In contending that the State's prosecution of petitioners for trespass is state action forbidden by the Fourteenth Amendment, petitioners rely chiefly on Shelley v. Kraemer, supra. That reliance is misplaced.


It seems pretty clear that the reason judicial enforcement of the restrictive covenants in Shelley was deemed state action was not merely the fact that a state court had acted, but rather that it had acted "to deny to petitioners, on the grounds of race or color, the enjoyment of property rights in premises which petitioners are willing and financially able to acquire and which the grantors are willing to sell." 334 U.S., at 19 . In other words, this Court held that state enforcement of the covenants had the effect of denying to the parties their federally guaranteed right to own, occupy, enjoy, and use their property without regard to race or color. Thus, the line of cases from Buchanan through Shelley establishes these propositions: (1) When an owner of property is willing to sell and a would-be purchaser is willing to buy, then the Civil Rights Act of 1866, which gives all persons the same right to "inherit, purchase, lease, sell, hold, and convey" property, prohibits a State, whether through its legislature, executive, or judiciary, from preventing the sale on the grounds of the race or color of one of the parties. Shelley v. Kraemer, supra, 334 U.S., at 19 . (2) Once a person has become a property owner, then he acquires all the rights that go with ownership: "the free use, enjoyment, and disposal of a person's acquisitions without control or diminution save by the law of the land." Buchanan v. Warley, supra, 245 U.S., at 74 . This means that the property owner may, in the absence of a valid statute forbidding it, sell his property to whom he pleases and admit to that property whom he will; so long as both parties are willing parties, then the principles stated in Buchanan and Shelley protect this right. But equally, when one party is unwilling, as when the property owner chooses not to sell to a particular person or not to admit that person, then, as this Court emphasized in Buchanan, he is entitled to rely on the guarantee of due process of law, that is, "law of the land," to protect his free use and enjoyment of property and to know that only by valid legislation, passed pursuant to some constitutional grant of power, can anyone disturb this free use. But petitioners here would have us hold that, despite the absence of any valid statute restricting the use of his property, the owner of Hooper's restaurant in Baltimore must not be accorded the same federally guaranteed right to occupy, enjoy, and use property given to the parties in Buchanan and Shelley; instead, petitioners would have us say that Hooper's federal right must be cut down and he must be compelled - though no statute said he must - to allow people to force their way into his restaurant and remain there over his protest. We cannot subscribe to such a mutilating, one-sided interpretation of federal guarantees the very heart of which is equal treatment under law to all. We must never forget that the Fourteenth Amendment protects "life, liberty, or property" of all people generally, not just some people's "life," some people's "liberty," and some kinds of "property."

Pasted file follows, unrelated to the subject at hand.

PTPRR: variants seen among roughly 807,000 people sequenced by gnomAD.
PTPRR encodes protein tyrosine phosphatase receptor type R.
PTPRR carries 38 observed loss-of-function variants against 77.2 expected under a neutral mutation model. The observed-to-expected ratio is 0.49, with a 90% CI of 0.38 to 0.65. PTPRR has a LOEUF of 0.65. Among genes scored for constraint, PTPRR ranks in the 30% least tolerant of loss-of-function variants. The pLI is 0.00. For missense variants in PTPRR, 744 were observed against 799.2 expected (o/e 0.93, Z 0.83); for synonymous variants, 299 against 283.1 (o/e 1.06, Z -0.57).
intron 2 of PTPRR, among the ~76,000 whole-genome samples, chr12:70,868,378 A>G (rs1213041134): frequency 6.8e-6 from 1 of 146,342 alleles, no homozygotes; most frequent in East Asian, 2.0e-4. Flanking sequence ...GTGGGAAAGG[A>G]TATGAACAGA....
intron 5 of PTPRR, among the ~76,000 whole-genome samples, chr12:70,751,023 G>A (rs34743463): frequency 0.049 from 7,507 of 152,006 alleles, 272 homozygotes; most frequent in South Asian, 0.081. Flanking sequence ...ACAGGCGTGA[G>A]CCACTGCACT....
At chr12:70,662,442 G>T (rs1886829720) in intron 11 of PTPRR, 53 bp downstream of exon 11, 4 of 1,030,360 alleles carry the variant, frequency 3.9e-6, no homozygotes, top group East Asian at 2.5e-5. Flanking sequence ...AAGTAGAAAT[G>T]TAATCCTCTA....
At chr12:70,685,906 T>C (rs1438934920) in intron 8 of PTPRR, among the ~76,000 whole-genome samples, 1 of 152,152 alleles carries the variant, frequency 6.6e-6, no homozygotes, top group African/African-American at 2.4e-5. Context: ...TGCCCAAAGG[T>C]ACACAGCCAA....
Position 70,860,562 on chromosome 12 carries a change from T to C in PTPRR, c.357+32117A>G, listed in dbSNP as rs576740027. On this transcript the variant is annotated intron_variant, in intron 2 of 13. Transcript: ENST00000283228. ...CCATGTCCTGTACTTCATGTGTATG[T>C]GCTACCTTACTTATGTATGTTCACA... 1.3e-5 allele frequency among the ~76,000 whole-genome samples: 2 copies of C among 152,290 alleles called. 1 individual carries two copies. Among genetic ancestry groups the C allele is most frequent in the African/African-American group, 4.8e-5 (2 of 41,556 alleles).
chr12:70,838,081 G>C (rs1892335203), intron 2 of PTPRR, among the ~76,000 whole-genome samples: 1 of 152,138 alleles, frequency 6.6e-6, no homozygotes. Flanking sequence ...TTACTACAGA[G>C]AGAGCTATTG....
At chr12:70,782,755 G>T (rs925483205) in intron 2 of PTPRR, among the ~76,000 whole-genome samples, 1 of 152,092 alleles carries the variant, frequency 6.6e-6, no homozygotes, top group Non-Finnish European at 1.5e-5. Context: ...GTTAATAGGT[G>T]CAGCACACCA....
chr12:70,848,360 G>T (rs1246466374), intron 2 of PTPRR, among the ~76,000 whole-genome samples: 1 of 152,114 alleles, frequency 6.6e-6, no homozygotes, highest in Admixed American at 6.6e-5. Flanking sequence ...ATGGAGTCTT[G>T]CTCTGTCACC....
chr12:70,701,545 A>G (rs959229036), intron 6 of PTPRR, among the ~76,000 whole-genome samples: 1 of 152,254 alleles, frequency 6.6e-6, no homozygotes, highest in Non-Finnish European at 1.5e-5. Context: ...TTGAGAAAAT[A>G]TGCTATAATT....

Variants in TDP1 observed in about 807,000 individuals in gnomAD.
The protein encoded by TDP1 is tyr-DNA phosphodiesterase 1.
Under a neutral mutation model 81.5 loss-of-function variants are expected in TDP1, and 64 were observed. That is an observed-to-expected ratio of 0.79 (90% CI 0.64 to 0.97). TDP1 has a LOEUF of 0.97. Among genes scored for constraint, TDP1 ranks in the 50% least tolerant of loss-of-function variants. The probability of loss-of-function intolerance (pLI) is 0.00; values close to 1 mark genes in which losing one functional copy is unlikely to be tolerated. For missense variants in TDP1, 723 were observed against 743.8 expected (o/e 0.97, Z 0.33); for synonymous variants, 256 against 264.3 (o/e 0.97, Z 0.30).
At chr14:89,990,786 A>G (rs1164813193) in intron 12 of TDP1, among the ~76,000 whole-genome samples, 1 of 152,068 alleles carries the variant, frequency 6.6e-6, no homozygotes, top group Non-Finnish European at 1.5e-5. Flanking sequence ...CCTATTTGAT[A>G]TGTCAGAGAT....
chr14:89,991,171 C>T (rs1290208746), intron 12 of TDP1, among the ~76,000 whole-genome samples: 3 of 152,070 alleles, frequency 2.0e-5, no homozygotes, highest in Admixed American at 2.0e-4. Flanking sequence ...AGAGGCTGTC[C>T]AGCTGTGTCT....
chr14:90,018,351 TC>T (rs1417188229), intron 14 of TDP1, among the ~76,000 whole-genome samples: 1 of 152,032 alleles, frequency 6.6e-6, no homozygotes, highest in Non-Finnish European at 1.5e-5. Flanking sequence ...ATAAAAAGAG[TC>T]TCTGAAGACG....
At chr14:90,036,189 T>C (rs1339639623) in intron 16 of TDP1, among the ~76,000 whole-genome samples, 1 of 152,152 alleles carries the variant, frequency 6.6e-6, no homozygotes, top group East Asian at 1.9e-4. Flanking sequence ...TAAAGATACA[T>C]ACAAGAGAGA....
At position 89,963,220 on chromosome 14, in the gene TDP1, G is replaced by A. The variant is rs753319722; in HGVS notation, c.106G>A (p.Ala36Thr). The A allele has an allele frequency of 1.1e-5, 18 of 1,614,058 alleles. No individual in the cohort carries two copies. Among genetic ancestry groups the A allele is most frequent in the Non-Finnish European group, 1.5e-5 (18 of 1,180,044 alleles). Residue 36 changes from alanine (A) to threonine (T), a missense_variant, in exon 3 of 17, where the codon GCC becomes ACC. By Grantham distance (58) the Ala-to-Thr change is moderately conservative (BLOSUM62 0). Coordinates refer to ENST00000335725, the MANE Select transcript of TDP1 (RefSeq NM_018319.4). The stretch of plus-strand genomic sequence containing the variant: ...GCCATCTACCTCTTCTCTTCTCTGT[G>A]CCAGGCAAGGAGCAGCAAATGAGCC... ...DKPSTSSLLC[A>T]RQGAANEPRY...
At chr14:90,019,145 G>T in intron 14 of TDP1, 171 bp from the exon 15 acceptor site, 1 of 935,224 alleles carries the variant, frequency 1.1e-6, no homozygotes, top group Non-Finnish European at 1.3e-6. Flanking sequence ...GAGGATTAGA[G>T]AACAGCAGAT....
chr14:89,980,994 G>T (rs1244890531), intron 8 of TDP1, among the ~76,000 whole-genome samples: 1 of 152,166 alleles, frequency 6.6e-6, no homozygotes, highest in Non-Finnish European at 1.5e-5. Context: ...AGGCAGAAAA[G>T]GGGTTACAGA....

We, like the Solicitor General, reject the argument that the State's protection of Hooper's desire to choose customers on the basis of race by prosecuting trespassers is enough, standing alone, to deprive Hooper of his right to operate the property in his own way. But we disagree with the contention that there are other circumstances which, added to the State's prosecution for trespass, justify a finding of state action.


Finally, and controlling here, there is nothing whatever in the material cited to support the proposition that the Fourteenth Amendment, without congressional legislation, prohibits owners of restaurants and other places to refuse service to Negroes. We are cited, only in passing, to general statements made in the House of Representatives to the effect that the Fourteenth Amendment was meant to incorporate the "principles" of the Civil Rights Act of 1866. 31 Whether "principles" are the same thing as "provisions," we are not told. But we have noted the serious doubt that the Civil Rights Act of 1866 even dealt with access to privately owned facilities. And it is revealing that in not one of the passages cited from the debates on the Fourteenth Amendment did any speaker suggest that the Amendment was designed, of itself, to assure all races equal treatment at inns and other privately owned establishments.


We are admonished that in deciding this case we should remember that "it is a constitution we are expounding."]   We conclude as we do because we remember that it is a Constitution and that it is our duty "to bow with respectful submission to its provisions." And in recalling that it is a Constitution "intended to endure for ages to come,"  we also remember that the Founders wisely provided the means for that endurance: changes in the Constitution, when thought necessary, are to be proposed by Congress or conventions and ratified by the States. The Founders gave no such amending power to this Court. Cf. Ex parte Virginia, 100 U.S. 339, 345 -346 (1880). Our duty is simply to interpret the Constitution, and in doing so the test of constitutionality is not whether a law is offensive to our conscience or to the "good old common law," 41 but whether it is offensive to the Constitution. Confining ourselves to our constitutional duty to construe, not to rewrite or amend, the Constitution, we believe that Section 1 of the Fourteenth Amendment does not bar Maryland from enforcing its trespass laws so long as it does so with impartiality.

This Court has done much in carrying out its solemn duty to protect people from unlawful discrimination. And it will, of course, continue to carry out this duty in the future as it has in the past. 42 But the Fourteenth Amendment of itself does not compel either a black man or a white man running his own private business to trade with anyone else against his will. We do not believe that Section 1 of the Fourteenth Amendment was written or designed to interfere with a storekeeper's right to choose his customers or with a property owner's right to choose his social or business associates, so long as he does not run counter to valid state 43 or federal regulation. The case before us does not involve the power of the Congress to pass a law compelling privately owned business to refrain from discrimination on the basis of race and to trade with all if they trade with any. We express no views as to the power of Congress, acting under one or another provision of the Constitution, to prevent racial discrimination in the operation of privately owned businesses, nor upon any particular form of legislation to that end. Our sole conclusion is that Section 1 of the Fourteenth Amendment, standing alone, does not prohibit privately owned restaurants from choosing their own customers. It does not destroy what has until very recently been universally recognized in this country as the unchallenged right of a man who owns a business to run the business in his own way so long as some valid regulatory statute does not tell him to do otherwise.